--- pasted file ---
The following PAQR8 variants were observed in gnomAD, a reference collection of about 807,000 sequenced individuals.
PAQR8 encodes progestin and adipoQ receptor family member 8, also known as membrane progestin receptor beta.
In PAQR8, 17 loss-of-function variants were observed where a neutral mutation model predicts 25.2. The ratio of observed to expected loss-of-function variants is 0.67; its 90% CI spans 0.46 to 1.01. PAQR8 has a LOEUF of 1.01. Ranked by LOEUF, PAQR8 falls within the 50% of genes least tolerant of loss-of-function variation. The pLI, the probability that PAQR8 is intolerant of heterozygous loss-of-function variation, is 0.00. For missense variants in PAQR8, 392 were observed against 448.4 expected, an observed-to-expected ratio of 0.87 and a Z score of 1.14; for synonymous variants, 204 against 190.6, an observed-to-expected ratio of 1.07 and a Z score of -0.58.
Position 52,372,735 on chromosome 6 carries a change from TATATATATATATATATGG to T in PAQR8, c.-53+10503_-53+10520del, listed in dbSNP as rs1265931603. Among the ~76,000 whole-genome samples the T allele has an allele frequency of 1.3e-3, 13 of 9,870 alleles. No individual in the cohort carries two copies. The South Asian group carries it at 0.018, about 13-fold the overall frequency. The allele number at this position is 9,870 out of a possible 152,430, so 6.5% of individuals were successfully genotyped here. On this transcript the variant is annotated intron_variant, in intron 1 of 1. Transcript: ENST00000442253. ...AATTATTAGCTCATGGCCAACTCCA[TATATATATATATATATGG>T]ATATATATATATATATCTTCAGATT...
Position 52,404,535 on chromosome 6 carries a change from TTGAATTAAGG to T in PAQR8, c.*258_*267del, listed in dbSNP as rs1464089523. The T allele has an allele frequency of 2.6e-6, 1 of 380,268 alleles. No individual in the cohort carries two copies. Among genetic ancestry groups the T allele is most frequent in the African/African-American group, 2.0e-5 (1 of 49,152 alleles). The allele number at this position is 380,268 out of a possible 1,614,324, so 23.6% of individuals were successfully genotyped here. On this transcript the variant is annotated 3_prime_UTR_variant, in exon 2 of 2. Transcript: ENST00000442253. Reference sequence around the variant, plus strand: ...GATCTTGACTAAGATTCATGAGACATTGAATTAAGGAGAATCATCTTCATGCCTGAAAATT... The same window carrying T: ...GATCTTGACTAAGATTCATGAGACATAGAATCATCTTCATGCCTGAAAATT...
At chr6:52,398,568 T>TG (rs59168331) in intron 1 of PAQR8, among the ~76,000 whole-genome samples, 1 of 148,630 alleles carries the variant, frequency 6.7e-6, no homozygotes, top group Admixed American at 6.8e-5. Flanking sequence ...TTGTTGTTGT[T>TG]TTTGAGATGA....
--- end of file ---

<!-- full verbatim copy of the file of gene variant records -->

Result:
The following PAQR8 variants were observed in gnomAD, a reference collection of about 807,000 sequenced individuals.
PAQR8 encodes progestin and adipoQ receptor family member 8, also known as membrane progestin receptor beta.
In PAQR8, 17 loss-of-function variants were observed where a neutral mutation model predicts 25.2. The ratio of observed to expected loss-of-function variants is 0.67; its 90% CI spans 0.46 to 1.01. PAQR8 has a LOEUF of 1.01. Ranked by LOEUF, PAQR8 falls within the 50% of genes least tolerant of loss-of-function variation. The pLI, the probability that PAQR8 is intolerant of heterozygous loss-of-function variation, is 0.00. For missense variants in PAQR8, 392 were observed against 448.4 expected, an observed-to-expected ratio of 0.87 and a Z score of 1.14; for synonymous variants, 204 against 190.6, an observed-to-expected ratio of 1.07 and a Z score of -0.58.
Position 52,372,735 on chromosome 6 carries a change from TATATATATATATATATGG to T in PAQR8, c.-53+10503_-53+10520del, listed in dbSNP as rs1265931603. Among the ~76,000 whole-genome samples the T allele has an allele frequency of 1.3e-3, 13 of 9,870 alleles. No individual in the cohort carries two copies. The South Asian group carries it at 0.018, about 13-fold the overall frequency. The allele number at this position is 9,870 out of a possible 152,430, so 6.5% of individuals were successfully genotyped here. On this transcript the variant is annotated intron_variant, in intron 1 of 1. Transcript: ENST00000442253. ...AATTATTAGCTCATGGCCAACTCCA[TATATATATATATATATGG>T]ATATATATATATATATCTTCAGATT...
Position 52,404,535 on chromosome 6 carries a change from TTGAATTAAGG to T in PAQR8, c.*258_*267del, listed in dbSNP as rs1464089523. The T allele has an allele frequency of 2.6e-6, 1 of 380,268 alleles. No individual in the cohort carries two copies. Among genetic ancestry groups the T allele is most frequent in the African/African-American group, 2.0e-5 (1 of 49,152 alleles). The allele number at this position is 380,268 out of a possible 1,614,324, so 23.6% of individuals were successfully genotyped here. On this transcript the variant is annotated 3_prime_UTR_variant, in exon 2 of 2. Transcript: ENST00000442253. Reference sequence around the variant, plus strand: ...GATCTTGACTAAGATTCATGAGACATTGAATTAAGGAGAATCATCTTCATGCCTGAAAATT... The same window carrying T: ...GATCTTGACTAAGATTCATGAGACATAGAATCATCTTCATGCCTGAAAATT...
At chr6:52,398,568 T>TG (rs59168331) in intron 1 of PAQR8, among the ~76,000 whole-genome samples, 1 of 148,630 alleles carries the variant, frequency 6.7e-6, no homozygotes, top group Admixed American at 6.8e-5. Flanking sequence ...TTGTTGTTGT[T>TG]TTTGAGATGA....